+ 274 I mean, it's nice to get a dinner reservation ahead of other people, but when it comes down to it, the most important thing to me is the actual work. Scarlett Johansson


+ 533 “Why aren't you in school? I see you every day wandering around." "Oh, they don't miss me," she said. "I'm antisocial, they say. I don't mix. It's so strange. I'm very social indeed. It all depends on what you mean by social, doesn't it? Social to me means talking to you about things like this." She rattled some chestnuts that had fallen off the tree in the front yard. "Or talking about how strange the world is. Being with people is nice. But I don't think it's social to get a bunch of people together and then not let them talk, do you? An hour of TV class, an hour of basketball or baseball or running, another hour of transcription history or painting pictures, and more sports, but do you know, we never ask questions, or at least most don't; they just run the answers at you, bing, bing, bing, and us sitting there for four more hours of film-teacher. That's not social to me at all. It's a lot of funnels and lot of water poured down the spout and out the bottom, and them telling us it's wine when it's not. They run us so ragged by the end of the day we can't do anything but go to bed or head for a Fun Park to bully people around, break windowpanes in the Window Smasher place or wreck cars in the Car Wrecker place with the big steel ball. Or go out in the cars and race on the streets, trying to see how close you can get to lampposts, playing 'chicken' and 'knock hubcaps.' I guess I'm everything they say I am, all right. I haven't any friends. That's supposed to prove I'm abnormal. But everyone I know is either shouting or dancing around like wild or beating up one another. Do you notice how people hurt each other nowadays?” Ray Bradbury, Fahrenheit 451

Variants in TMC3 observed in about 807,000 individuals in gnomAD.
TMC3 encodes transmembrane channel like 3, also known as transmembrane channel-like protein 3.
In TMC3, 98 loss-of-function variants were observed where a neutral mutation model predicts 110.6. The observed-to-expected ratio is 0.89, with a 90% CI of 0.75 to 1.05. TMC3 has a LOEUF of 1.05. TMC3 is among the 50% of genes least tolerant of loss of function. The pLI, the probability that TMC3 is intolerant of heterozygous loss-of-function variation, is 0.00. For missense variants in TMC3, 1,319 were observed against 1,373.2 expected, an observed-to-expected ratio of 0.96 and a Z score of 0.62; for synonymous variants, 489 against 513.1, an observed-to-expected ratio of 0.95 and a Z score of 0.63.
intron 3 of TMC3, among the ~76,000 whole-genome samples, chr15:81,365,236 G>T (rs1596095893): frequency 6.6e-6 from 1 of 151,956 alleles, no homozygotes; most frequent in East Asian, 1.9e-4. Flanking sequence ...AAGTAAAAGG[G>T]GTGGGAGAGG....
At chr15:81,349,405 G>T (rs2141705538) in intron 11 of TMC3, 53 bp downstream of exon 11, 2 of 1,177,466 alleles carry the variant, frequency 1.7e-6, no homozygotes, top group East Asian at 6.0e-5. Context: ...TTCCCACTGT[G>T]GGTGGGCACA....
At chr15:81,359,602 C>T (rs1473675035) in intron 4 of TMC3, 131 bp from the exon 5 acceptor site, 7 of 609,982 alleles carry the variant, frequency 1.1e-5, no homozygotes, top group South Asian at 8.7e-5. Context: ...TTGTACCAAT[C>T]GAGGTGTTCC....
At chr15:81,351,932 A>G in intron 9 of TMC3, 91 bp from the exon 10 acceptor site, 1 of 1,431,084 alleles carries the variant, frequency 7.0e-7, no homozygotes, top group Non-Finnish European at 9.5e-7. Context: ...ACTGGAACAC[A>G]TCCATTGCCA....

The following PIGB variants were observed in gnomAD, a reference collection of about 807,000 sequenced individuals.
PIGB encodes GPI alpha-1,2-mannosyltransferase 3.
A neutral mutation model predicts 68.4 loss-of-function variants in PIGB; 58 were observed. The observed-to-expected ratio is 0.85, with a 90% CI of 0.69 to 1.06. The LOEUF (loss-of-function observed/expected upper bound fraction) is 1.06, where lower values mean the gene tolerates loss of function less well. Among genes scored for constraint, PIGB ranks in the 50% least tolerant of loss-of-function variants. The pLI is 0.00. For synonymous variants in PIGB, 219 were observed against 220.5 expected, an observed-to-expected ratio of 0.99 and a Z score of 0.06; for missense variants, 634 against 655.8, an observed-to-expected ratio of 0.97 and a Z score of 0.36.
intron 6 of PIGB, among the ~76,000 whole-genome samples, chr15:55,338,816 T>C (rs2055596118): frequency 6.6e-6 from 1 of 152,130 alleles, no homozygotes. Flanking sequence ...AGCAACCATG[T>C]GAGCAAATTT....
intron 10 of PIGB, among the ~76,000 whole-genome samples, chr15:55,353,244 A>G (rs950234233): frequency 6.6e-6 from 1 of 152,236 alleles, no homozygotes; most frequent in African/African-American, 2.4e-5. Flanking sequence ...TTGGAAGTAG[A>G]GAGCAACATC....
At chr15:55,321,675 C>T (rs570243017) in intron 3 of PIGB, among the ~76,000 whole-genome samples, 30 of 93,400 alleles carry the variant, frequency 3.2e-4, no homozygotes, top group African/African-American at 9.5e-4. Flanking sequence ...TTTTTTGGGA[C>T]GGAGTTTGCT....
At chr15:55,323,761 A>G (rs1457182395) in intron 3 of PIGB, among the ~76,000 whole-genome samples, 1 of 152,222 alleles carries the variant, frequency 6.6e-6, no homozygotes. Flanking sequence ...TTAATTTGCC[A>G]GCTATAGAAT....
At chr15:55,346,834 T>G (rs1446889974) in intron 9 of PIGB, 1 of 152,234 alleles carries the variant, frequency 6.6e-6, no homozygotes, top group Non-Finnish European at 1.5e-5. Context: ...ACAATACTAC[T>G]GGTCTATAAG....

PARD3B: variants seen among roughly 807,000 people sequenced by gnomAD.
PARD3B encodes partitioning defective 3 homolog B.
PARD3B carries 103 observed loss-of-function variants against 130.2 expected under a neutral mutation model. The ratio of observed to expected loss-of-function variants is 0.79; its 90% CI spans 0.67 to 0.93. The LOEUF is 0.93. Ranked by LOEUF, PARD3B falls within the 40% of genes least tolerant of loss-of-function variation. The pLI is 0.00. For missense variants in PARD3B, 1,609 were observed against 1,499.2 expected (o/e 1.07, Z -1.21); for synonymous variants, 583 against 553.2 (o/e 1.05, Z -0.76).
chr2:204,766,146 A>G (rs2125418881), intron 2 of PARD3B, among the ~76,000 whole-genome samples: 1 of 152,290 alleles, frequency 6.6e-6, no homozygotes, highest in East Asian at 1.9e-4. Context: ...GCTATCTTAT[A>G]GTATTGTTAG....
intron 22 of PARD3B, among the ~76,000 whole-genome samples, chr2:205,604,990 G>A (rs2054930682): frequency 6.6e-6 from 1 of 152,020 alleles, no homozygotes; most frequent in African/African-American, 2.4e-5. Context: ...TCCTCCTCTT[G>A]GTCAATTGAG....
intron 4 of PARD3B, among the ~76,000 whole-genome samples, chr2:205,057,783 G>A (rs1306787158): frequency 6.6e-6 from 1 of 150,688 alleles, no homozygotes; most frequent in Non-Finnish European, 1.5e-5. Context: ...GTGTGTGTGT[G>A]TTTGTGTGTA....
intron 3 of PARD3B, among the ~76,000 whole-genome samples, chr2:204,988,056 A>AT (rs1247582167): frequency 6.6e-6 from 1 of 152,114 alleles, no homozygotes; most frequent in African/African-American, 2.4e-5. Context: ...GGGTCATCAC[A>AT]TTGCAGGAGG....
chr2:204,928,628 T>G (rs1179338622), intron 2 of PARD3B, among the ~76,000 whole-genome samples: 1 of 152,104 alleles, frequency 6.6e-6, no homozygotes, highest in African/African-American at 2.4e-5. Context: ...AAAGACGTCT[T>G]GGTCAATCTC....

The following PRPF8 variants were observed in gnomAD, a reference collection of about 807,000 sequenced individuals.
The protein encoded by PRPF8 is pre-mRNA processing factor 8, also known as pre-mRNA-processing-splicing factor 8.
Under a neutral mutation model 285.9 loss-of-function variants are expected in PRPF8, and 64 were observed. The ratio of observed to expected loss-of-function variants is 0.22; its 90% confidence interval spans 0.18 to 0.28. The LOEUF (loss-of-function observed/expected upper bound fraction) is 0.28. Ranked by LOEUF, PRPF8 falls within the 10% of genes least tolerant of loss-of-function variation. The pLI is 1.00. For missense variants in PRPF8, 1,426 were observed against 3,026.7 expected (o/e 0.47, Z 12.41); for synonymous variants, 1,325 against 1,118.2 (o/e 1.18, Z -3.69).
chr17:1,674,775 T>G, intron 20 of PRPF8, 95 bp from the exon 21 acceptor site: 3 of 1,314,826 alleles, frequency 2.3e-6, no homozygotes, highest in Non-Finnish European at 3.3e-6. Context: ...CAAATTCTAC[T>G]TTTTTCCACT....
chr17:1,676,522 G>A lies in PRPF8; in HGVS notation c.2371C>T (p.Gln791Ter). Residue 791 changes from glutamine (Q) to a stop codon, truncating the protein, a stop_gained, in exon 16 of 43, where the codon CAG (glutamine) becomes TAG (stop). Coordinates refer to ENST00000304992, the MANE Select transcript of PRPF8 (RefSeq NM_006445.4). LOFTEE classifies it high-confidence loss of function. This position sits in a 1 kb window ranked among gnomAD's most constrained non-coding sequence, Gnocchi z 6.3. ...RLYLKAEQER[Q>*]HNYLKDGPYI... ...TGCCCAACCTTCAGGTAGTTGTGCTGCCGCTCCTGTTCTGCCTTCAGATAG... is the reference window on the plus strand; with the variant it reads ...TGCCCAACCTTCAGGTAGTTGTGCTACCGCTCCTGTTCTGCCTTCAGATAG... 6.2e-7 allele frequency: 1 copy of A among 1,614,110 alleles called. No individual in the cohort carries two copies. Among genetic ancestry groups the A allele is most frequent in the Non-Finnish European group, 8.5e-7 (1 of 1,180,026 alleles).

+ 101 The interesting thing is that everyone in golf is just nice. You learn a lot about people playing golf: their integrity, how they play under pressure. Donald Trump